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On International Literacy Day, Palestine Women Fight Back against Neglect, Occupation

Elderly Palestinian women attend classes at the Elderly Care Association in Gaza City. (Photo: Mahmoud Ajjour, The Palestine Chronicle)

By Palestine Chronicle Staff

These elderly Palestinian women were deprived of education in their younger years, but they maintained the dream, and are now, at last, getting a second chance.  

Many of Palestine’s illiterate population are those of older age, and most of them are women. 

Though Palestinian women now are some of the most educated in the Middle East and North Africa region, this was not the case for previous generations. 

But many of these women are coming back to school. 

The Palestine Chronicle used the opportunity of the International Literacy Day, which falls on September 8 each year, to highlight and celebrate the achievements of these women. 

We visited one of their classes at the Elderly Care Association in Gaza City.

These elderly Palestinian women were deprived of education in their younger years, but they maintained the dream, and are now, at last, getting a second chance.  

‘I Love Education’ 

61-year-old Somaya Barakat is one of them. She enrolled in the literacy programs offered by the association. Now, she is able to read and write texts in Arabic and perform some basic mathematical operations.

A few years ago such a feat may have seemed impossible. 

Somaya’s father died when she was still a child. Circumstances forced her to leave school to help her mother take care of yet younger siblings. 

As a child laborer, Somaya took on her mother’s craft of tailoring and embroidery. 

Saying no to such grueling work was not an option. Without the long hours at the shop, survival would have not been possible, especially since one of Somaya’s sisters suffered from a chronic disease. 

Sadly, the little sister eventually died due to the lack of medicine and resources. 

Somaya’s dream of having a proper education carried on even after her marriage. Her husband, however, refused to support her. 

“So, I decided to pay attention to the education of my nine children, all of whom obtained university degrees,” Somaya said.

 “Despite our poverty, I painstakingly saved money to give them the best education. I just love education” for my children and myself, she added, proudly.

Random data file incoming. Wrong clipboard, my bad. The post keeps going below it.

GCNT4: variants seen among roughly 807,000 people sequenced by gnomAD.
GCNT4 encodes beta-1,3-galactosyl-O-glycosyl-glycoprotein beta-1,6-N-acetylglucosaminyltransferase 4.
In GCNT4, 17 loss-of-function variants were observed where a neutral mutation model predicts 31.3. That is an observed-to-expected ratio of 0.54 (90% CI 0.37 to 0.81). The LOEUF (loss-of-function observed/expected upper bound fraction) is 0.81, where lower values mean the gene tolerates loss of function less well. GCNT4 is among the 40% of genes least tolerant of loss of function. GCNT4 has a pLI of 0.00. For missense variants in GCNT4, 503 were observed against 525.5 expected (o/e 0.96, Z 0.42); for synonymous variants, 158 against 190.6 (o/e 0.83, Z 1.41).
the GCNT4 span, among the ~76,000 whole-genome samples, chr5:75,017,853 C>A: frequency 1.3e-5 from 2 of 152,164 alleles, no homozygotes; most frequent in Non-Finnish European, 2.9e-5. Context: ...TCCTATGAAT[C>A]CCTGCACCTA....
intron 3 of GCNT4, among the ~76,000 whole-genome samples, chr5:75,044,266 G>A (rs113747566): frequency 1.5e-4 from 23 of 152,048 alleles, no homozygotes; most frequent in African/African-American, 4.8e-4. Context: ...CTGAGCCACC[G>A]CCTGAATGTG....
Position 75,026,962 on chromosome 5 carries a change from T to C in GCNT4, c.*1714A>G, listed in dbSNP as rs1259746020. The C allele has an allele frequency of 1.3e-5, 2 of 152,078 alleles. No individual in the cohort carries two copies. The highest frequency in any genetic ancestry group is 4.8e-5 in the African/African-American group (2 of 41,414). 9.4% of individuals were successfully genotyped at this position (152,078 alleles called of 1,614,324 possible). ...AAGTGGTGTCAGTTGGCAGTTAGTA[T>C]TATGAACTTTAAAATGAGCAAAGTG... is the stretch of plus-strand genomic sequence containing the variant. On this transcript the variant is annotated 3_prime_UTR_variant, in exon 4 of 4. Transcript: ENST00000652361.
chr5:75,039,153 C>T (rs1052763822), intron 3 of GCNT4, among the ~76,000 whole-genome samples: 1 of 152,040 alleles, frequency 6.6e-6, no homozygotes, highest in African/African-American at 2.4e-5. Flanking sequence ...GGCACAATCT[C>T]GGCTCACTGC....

Somaya finally had her chance to realize her dream after she turned 50. Now, she does not want to stop. Her ultimate goal is to receive a university degree. 

Hajja Khadra

Hajja Khadra al-Borai is 77 years old. 

Like Somaya, she was forced to drop out of school due to the poor financial situation of her family; but now, she loves attending lessons and she receives help from some of her grandchildren.

She is  now able to memorize Arabic letters and numbers, and also to spell some words. 

The illiteracy rate in Palestine is one of the lowest in the world.

In 2022, it reached 2.2% among the Palestinian population who are 15 years and above, according to a report published by the Palestinian Central Bureau of Statistics (PCBS) on the occasion of the International Literacy Day.

According to data published by UNESCO, the male literacy rate in Palestine is 98.79 percent, while for females it is 96.2 percent. 

These numbers are considered extraordinary, not only within the context of the Middle East region, but also because Palestine is under Israeli occupation. 

Over the years, Israel has bombed many Palestinian schools and universities, shut down educational institutions and made freedom of movement extremely difficult for students in both Gaza and the West Bank. 

Yet, for Palestinians education is key, not only for the sake of jobs and financial security, but as a collective weapon of Resistance against Israeli occupation and apartheid. 

(All Photos: Mahmoud Ajjour, The Palestine Chronicle)